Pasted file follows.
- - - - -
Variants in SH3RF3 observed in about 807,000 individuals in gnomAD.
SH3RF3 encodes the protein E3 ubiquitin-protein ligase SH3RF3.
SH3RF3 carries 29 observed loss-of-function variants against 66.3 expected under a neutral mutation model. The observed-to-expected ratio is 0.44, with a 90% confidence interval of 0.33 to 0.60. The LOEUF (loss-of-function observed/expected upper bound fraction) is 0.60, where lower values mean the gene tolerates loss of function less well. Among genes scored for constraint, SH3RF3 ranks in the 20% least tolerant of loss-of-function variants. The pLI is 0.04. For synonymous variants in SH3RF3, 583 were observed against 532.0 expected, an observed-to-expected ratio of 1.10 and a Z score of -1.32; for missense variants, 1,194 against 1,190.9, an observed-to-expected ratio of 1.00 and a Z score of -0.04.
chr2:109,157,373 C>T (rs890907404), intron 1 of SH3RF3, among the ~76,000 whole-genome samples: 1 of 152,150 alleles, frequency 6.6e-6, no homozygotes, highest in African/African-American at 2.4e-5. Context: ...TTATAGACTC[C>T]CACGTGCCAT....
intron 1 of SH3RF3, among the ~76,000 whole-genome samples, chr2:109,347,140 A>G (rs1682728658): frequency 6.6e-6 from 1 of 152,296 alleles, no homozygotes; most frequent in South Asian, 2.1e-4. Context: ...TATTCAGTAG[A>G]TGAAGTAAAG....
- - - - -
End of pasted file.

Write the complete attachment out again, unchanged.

Variants in SH3RF3 observed in about 807,000 individuals in gnomAD.
SH3RF3 encodes the protein E3 ubiquitin-protein ligase SH3RF3.
SH3RF3 carries 29 observed loss-of-function variants against 66.3 expected under a neutral mutation model. The observed-to-expected ratio is 0.44, with a 90% confidence interval of 0.33 to 0.60. The LOEUF (loss-of-function observed/expected upper bound fraction) is 0.60, where lower values mean the gene tolerates loss of function less well. Among genes scored for constraint, SH3RF3 ranks in the 20% least tolerant of loss-of-function variants. The pLI is 0.04. For synonymous variants in SH3RF3, 583 were observed against 532.0 expected, an observed-to-expected ratio of 1.10 and a Z score of -1.32; for missense variants, 1,194 against 1,190.9, an observed-to-expected ratio of 1.00 and a Z score of -0.04.
chr2:109,157,373 C>T (rs890907404), intron 1 of SH3RF3, among the ~76,000 whole-genome samples: 1 of 152,150 alleles, frequency 6.6e-6, no homozygotes, highest in African/African-American at 2.4e-5. Context: ...TTATAGACTC[C>T]CACGTGCCAT....
intron 1 of SH3RF3, among the ~76,000 whole-genome samples, chr2:109,347,140 A>G (rs1682728658): frequency 6.6e-6 from 1 of 152,296 alleles, no homozygotes; most frequent in South Asian, 2.1e-4. Context: ...TATTCAGTAG[A>G]TGAAGTAAAG....